Toledo Bend 2019 Survey Report media download(PDF 1.3 MB)

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Toledo Bend Reservoir - 2019 Survey Report

Prepared by Todd Driscoll and Dan Ashe
Inland Fisheries Division – Jasper District

This is the authors' summary from a 44-page report. For a copy of the complete report, use the download link in the sidebar.

Fish populations in Toledo Bend Reservoir were surveyed in 2019 using electrofishing, and in 2020 using gill netting and electrofishing. Anglers were surveyed from June 2019 through May 2020 with a creel survey. Historical data are presented with the 2019-2020 data for comparison. This report summarizes the results of the surveys and contains a management plan for the Texas side of the reservoir based on those findings.

Reservoir Description

Toledo Bend Reservoir is a 181,600-acre (70,469 acres in Texas) impoundment of the Sabine River in Newton, Sabine, and Shelby counties in southeast Texas. Water level fluctuations average 3 feet annually, but in 2019 the reservoir was lowered 7 feet below full pool for spillway repairs. Historically, aquatic habitat consisted of over 10,000 surface acres of aquatic vegetation (primarily hydrilla and American lotus) but coverage has declined considerably in recent years. The primary aquatic habitat is standing timber.

Management History

Historically, the black bass fishery has been the most popular at Toledo Bend Reservoir, accounting for 65 to 85% of annual angling effort. Approximately 10 to 20% of anglers target crappie. Texas Parks and Wildlife Department (TPWD) has stocked Florida Largemouth Bass (FLMB) annually since 1990 (except 2006 and 2014) to increase abundance of bass > 8 pounds. The Louisiana Department of Wildlife and Fisheries (LDWF) also stocks FLMB annually. Joint efforts with LDWF have resulted in standardization of all recreational harvest regulations. In 1998, giant salvinia was discovered in Toledo Bend Reservoir. In 2013, plant coverage reached the historic high (9,314 acres) and impeded angler access. Since then, water level fluctuations coupled with increased herbicide treatments of commercial and TPWD applicators have resulted in extensive reductions in coverage during most years.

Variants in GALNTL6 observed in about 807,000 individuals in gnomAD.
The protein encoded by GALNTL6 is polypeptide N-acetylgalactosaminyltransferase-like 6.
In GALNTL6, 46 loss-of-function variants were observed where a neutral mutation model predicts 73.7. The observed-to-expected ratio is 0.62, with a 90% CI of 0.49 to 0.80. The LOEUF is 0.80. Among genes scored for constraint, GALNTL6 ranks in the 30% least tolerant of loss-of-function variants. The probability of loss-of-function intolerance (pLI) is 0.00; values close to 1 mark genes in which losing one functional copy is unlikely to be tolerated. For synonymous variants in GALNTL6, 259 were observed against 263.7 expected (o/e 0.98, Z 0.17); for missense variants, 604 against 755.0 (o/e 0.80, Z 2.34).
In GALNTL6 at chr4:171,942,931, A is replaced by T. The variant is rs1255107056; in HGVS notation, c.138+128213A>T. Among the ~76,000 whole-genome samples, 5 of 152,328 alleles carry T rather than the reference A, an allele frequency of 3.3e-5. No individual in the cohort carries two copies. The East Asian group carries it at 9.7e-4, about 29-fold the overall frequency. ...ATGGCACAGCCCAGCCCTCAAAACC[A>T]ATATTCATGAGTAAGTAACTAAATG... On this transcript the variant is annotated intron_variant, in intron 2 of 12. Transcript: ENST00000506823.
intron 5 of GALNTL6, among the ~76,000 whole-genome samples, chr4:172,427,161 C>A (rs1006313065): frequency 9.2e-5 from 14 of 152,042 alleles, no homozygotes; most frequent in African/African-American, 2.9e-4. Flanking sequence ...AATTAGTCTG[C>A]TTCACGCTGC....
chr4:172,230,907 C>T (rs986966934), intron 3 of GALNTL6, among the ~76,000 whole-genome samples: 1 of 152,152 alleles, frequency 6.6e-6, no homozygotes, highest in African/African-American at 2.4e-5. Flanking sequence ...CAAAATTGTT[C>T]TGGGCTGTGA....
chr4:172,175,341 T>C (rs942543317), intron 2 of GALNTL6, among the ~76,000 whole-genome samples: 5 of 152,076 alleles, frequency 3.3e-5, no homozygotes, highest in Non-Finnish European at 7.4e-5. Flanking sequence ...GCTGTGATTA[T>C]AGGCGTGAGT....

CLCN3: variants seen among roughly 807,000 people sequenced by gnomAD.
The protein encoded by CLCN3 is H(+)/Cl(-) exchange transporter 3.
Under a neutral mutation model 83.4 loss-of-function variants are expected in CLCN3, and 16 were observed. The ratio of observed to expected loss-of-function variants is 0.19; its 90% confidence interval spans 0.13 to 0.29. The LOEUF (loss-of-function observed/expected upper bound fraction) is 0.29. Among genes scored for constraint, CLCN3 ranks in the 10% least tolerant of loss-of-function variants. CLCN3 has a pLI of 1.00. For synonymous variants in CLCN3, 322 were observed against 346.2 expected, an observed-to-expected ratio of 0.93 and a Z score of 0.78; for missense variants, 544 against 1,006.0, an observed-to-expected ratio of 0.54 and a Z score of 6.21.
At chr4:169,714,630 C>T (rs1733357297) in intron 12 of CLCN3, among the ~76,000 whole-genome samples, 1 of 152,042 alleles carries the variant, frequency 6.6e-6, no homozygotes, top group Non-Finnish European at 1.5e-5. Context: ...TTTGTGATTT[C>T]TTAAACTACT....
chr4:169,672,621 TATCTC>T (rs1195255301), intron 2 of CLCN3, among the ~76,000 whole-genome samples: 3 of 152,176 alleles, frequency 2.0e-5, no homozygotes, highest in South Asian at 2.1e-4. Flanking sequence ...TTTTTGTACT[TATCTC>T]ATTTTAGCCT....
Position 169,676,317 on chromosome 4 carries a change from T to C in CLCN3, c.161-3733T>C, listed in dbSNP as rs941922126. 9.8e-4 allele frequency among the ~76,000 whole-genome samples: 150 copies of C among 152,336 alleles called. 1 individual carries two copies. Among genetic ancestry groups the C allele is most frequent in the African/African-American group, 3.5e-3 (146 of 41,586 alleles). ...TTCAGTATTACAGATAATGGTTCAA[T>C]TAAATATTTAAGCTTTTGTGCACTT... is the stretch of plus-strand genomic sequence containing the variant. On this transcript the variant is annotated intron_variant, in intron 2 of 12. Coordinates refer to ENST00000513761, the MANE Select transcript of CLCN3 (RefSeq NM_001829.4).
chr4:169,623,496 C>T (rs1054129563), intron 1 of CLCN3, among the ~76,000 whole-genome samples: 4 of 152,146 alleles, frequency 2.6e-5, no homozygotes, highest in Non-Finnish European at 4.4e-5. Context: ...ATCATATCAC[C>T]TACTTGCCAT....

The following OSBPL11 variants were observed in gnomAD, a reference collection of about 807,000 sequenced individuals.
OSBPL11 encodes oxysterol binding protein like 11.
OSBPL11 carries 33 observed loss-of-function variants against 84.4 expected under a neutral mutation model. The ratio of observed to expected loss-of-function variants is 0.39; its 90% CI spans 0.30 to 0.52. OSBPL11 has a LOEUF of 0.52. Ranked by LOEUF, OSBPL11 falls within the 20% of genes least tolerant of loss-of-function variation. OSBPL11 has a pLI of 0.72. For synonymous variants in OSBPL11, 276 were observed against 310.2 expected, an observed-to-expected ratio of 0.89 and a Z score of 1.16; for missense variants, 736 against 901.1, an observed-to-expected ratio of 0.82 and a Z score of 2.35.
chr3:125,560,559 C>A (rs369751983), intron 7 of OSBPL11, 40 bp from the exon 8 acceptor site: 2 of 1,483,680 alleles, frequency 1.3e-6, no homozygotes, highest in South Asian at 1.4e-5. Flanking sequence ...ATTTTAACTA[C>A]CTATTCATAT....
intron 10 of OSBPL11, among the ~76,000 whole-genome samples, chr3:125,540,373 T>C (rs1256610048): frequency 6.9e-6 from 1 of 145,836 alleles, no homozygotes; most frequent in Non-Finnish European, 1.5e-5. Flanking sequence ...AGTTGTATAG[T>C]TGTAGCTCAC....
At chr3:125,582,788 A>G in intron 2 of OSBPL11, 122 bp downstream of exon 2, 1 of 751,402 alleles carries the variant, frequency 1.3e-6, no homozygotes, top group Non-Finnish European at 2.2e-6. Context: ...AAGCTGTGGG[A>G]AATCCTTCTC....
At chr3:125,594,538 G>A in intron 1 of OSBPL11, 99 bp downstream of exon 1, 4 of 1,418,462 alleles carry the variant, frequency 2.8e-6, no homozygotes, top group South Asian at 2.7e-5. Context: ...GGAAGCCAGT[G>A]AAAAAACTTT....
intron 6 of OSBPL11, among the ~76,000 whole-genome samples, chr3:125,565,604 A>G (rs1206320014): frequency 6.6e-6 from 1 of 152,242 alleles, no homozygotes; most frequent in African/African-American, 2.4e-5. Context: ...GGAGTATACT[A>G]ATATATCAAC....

Fish Community

Management Strategies

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Performance Report as required by Federal Aid in Sport Fish Restoration Act Texas Federal Aid Project F-221-M-6 Inland Fisheries Division Monitoring and Management Program